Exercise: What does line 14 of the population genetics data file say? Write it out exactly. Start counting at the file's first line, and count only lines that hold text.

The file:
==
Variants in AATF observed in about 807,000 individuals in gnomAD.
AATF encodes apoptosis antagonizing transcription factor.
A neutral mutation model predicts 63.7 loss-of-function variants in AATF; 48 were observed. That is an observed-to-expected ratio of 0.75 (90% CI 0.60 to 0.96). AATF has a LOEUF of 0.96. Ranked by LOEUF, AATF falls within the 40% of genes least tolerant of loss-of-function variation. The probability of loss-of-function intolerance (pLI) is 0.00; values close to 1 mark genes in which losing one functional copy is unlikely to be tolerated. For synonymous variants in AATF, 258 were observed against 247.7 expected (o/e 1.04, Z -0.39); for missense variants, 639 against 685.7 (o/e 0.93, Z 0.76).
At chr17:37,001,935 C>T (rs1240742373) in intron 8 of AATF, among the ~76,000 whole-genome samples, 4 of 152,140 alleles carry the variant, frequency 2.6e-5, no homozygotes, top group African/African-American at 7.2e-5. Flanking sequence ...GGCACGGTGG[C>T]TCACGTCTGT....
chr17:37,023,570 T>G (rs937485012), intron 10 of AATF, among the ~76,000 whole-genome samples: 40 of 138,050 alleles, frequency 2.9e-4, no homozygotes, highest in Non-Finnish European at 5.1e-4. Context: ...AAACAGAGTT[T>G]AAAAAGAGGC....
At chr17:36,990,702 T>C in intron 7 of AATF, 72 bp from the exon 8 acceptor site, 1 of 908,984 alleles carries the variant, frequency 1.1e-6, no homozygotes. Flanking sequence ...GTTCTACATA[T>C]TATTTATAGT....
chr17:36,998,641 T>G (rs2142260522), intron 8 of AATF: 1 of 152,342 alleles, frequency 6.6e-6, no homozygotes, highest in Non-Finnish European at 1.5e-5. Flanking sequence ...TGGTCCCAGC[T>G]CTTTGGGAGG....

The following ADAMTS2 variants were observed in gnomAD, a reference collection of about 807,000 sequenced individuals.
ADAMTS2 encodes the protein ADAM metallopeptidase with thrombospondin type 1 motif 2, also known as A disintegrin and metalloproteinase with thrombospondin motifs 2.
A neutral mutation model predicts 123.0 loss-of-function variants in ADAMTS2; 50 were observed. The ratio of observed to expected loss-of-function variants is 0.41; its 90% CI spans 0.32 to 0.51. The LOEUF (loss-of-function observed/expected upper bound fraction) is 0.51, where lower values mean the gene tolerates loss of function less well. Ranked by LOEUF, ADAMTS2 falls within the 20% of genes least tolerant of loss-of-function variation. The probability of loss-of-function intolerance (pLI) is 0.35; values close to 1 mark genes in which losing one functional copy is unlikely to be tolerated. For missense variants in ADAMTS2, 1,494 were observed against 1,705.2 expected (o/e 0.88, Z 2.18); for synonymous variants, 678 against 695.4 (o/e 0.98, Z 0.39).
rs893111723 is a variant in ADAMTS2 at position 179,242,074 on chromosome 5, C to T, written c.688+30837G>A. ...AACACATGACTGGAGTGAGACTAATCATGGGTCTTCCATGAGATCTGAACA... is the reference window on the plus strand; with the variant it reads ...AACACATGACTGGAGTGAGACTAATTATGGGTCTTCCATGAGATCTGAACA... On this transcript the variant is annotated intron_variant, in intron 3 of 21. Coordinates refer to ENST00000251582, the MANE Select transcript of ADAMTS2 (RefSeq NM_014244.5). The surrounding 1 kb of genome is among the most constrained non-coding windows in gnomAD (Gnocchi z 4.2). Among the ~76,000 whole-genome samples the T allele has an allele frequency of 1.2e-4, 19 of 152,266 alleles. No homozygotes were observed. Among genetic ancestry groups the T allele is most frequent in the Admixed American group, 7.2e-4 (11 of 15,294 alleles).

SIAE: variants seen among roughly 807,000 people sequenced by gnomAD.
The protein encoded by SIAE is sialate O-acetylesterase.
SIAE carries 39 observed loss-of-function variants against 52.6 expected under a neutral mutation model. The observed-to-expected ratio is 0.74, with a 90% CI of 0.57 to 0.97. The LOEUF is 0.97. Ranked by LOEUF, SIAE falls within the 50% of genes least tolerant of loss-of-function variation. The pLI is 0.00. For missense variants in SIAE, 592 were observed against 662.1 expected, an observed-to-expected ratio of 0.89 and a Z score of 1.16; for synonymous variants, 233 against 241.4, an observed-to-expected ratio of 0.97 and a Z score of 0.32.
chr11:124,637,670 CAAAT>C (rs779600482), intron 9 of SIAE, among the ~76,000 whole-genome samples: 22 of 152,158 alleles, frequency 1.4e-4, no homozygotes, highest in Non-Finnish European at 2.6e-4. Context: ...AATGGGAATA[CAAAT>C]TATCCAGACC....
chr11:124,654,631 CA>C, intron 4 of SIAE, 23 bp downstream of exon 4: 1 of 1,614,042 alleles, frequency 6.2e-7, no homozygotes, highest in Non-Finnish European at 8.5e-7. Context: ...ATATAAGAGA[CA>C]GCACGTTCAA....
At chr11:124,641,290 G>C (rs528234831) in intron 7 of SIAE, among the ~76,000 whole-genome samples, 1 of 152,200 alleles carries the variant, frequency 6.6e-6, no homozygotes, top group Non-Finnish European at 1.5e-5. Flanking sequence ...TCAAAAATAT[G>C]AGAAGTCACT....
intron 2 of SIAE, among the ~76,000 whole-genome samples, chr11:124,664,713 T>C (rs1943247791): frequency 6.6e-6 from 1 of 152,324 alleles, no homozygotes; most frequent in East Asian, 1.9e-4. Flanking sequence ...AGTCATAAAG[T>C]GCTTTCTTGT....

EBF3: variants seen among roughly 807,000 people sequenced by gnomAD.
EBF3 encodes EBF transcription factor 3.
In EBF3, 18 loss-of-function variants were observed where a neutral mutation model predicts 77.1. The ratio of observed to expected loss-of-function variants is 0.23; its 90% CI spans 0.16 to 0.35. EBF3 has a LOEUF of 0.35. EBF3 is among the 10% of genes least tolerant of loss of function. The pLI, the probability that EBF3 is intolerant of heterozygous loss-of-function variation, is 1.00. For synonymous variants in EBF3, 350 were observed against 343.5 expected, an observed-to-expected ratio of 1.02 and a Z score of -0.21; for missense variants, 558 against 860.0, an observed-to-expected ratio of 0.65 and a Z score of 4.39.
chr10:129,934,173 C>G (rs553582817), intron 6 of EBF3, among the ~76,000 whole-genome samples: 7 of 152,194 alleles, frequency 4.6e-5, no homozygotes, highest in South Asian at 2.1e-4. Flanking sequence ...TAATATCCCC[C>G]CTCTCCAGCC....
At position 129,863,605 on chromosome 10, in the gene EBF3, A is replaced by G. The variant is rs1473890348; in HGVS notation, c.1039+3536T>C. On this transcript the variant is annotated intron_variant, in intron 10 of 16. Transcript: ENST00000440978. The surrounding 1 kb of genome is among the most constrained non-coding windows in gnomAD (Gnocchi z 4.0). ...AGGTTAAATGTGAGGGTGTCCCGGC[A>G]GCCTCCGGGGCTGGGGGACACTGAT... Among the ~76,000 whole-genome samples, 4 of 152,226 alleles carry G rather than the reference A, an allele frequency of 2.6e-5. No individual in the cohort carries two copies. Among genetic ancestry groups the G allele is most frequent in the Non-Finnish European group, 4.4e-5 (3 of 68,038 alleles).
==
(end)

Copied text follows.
SIAE carries 39 observed loss-of-function variants against 52.6 expected under a neutral mutation model. The observed-to-expected ratio is 0.74, with a 90% CI of 0.57 to 0.97. The LOEUF is 0.97. Ranked by LOEUF, SIAE falls within the 50% of genes least tolerant of loss-of-function variation. The pLI is 0.00. For missense variants in SIAE, 592 were observed against 662.1 expected, an observed-to-expected ratio of 0.89 and a Z score of 1.16; for synonymous variants, 233 against 241.4, an observed-to-expected ratio of 0.97 and a Z score of 0.32.